Killing Time in the Battle against Breast Cancer

Michelle Bernard

10/1/2007 10:42:57 AM - Michelle Bernard

Breast cancer is a weapon of mass destruction.

Anyone involved in the battle to find a cure recognizes the importance of increasing awareness and of early detection. However, what is missing from this formula is the effect of early detection and survival rates when there is a delay in detection and diagnosis of breast cancer through no fault of a patient.

As we continue to wage a battle against breast cancer, the following changes need to become a national priority: Minimizing the time it takes to get an appointment with a specialist after one finds a lump in their breast; minimizing the time it takes for a patient to get an appointment for a mammogram; minimizing the time it takes a patient who has been told they have a "suspicious" mammogram to get an appointment to see a breast specialist; and vastly improving the quality of care received by patients while they await diagnosis. Too often, the healthcare provided to patients during these periods of tremendous anxiety is unacceptable.

Today marks the first day of National Breast Cancer awareness month. We at the Independent Women’s Forum, recognize this month by remembering the two women in our IWF family who lost their lives to breast cancer this year, by holding the hand of another who is just beginning her battle today, and by praying for yet another who will undergo a breast biopsy later this week --- several weeks after being told she had a suspicious mammogram.

Our own anecdotal evidence demonstrates that too often, when one complains of breast pain, they are told they have a cyst and are advised to "just watch it for a few months"—and valuable time is lost before the cancer is diagnosed. We know that after finding a lump in one’s breast, it can take anywhere from 2 to 6 weeks to get a screening test. We know it can take several more weeks just to get an appointment for a consultation with a breast surgeon. And weeks more for a breast biopsy, and even another to get the biopsy results.

The American Cancer Society estimates that in 2007 alone, 178,480 new cases of invasive breast cancer will be diagnosed in women and approximately 2,030 cases will be found in men. An estimated 40,460 women and 450 men will die from breast cancer. Until a cure for cancer is found, the most effective way to save lives is through early detection and diagnosis. Imagine how many lives are lost by a 2-6 week delay in getting an appointment for a screening test or a breast biopsy?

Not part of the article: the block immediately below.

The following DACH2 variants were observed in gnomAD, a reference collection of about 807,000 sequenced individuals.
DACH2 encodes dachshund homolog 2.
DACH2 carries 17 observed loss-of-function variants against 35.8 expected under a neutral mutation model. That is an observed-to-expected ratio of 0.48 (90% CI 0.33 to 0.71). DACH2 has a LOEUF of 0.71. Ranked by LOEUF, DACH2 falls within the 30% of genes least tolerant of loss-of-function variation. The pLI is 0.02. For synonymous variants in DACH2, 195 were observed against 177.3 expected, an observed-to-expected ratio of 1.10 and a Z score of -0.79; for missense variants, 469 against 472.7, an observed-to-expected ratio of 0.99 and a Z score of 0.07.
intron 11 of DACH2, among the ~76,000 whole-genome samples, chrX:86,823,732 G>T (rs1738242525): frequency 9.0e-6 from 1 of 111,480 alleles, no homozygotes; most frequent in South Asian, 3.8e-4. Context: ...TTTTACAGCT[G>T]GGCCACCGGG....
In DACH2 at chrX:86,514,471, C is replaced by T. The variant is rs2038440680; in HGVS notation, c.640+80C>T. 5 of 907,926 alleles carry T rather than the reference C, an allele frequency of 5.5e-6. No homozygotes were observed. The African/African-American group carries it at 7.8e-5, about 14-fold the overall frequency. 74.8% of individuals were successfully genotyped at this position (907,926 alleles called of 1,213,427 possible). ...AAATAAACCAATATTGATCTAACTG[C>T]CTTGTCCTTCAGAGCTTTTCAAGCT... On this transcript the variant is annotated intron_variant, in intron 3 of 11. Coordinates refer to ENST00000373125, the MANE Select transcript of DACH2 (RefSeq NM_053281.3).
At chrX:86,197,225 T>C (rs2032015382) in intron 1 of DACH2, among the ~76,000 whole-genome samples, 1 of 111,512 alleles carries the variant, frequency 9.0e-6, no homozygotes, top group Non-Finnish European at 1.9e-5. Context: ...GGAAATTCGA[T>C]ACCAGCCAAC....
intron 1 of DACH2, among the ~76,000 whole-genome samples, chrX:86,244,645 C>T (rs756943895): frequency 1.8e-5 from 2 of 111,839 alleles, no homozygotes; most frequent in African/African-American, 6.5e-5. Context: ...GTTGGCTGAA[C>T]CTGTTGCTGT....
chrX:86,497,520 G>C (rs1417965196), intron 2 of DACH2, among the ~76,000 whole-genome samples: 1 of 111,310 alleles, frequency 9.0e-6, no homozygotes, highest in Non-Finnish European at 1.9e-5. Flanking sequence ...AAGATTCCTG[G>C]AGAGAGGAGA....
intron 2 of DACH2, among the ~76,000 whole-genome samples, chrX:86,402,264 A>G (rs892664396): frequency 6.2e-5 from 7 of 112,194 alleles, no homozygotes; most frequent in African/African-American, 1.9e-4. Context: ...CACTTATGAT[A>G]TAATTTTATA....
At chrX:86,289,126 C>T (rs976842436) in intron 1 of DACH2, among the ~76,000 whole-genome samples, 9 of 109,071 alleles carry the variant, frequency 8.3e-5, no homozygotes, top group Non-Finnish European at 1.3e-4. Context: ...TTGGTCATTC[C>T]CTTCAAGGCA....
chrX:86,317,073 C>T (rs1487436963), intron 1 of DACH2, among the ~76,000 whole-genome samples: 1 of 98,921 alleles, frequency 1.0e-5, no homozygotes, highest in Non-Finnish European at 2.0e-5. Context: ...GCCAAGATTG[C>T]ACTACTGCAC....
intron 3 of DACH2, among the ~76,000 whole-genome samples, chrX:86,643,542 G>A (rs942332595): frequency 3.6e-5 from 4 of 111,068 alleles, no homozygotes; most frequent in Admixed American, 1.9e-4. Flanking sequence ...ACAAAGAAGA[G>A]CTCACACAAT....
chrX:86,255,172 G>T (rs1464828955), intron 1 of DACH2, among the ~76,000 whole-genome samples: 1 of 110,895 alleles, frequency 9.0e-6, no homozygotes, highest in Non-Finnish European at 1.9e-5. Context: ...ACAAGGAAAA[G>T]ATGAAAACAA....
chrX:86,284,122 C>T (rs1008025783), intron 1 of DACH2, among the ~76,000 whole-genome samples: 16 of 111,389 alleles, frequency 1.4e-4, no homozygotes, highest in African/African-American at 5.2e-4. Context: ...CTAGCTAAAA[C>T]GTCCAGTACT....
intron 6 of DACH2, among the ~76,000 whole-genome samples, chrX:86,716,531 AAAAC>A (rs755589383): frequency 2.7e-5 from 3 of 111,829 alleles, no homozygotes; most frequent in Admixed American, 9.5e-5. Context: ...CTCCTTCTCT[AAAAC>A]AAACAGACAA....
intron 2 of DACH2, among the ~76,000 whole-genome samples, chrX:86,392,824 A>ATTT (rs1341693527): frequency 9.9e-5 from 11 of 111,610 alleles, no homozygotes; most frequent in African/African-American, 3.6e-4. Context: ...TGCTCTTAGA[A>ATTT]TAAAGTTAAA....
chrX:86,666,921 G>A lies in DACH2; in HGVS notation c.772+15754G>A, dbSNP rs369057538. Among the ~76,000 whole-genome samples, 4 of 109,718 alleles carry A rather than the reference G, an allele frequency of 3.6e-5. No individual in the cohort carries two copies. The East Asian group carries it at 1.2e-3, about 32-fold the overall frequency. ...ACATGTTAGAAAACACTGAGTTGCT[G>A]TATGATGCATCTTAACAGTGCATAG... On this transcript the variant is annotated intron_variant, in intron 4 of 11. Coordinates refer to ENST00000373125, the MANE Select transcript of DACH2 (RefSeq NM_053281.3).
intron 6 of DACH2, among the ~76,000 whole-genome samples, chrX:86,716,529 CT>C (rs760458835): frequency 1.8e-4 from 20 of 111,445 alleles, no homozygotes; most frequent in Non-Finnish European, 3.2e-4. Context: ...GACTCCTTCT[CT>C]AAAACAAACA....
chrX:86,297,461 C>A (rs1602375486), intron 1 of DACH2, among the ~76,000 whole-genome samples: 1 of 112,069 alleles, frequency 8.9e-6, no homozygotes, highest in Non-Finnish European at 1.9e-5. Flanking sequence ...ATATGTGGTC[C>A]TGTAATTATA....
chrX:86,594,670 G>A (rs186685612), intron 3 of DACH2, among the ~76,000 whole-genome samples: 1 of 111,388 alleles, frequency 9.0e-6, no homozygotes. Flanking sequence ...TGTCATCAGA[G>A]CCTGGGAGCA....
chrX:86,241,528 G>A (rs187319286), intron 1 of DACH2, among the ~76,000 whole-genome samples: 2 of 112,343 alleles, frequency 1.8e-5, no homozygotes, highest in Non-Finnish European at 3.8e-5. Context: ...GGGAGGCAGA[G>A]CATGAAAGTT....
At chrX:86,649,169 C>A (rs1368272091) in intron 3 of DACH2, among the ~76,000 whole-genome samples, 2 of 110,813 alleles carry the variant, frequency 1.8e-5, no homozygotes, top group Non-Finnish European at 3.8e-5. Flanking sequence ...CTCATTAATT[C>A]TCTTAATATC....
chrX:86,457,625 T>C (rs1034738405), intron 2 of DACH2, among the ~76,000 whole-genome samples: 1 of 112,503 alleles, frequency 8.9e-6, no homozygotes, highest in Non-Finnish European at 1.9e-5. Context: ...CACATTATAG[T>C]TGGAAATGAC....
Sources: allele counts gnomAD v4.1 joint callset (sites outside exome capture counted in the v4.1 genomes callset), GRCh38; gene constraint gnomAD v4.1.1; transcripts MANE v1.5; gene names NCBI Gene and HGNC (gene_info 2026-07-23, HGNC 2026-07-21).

On October 9, the Independent Women’s Forum will honor two extraordinary women by bestowing our fourth annual Woman of Valor Award to Nancy Brinker, founder of Susan G. Komen for the Cure and the Komen Race for the Cure and R. Gaull Silberman, a founder of IWF who lost her life to breast cancer this year. We honor these women because of their commitment to the human spirit and their courageous battle against breast cancer.

In 1978, Nancy Brinker promised her sister, Susan G. Komen, that she would do everything in her power to end breast cancer forever. Suzy, her only sister, had been diagnosed with Stage IV breast cancer when she was only 33 years old. Brinker remembers how her sister was told by one surgeon that she had been cured after undergoing a subcutaneous mastectomy. Six months later she found out that the cancer had metastasized. Ultimately, her sister lost her life to breast cancer. The lesson to be learned is that a delay of any sort, can kill you.

The IWF family is grateful to Nancy Brinker for the promise she made to her sister. Under her leadership, Komen for the Cure has invested nearly $1 billion in the fight against breast cancer. Also, we are particularly indebted to Drs. LaSalle D. Leffall, Jr., and Wayne Frederick at Howard University Hospital, Dr. Robynne Chutkan at Georgetown University Hospital, and many others for their caring nature and prompt screening, diagnosis, and treatment of those we love and have loved.

Recently, Nancy Brinker said that "As the American public and both political parties did when launching the war on cancer more than three decades ago, we need to summon the will to make cancer a national priority again." We couldn’t agree more.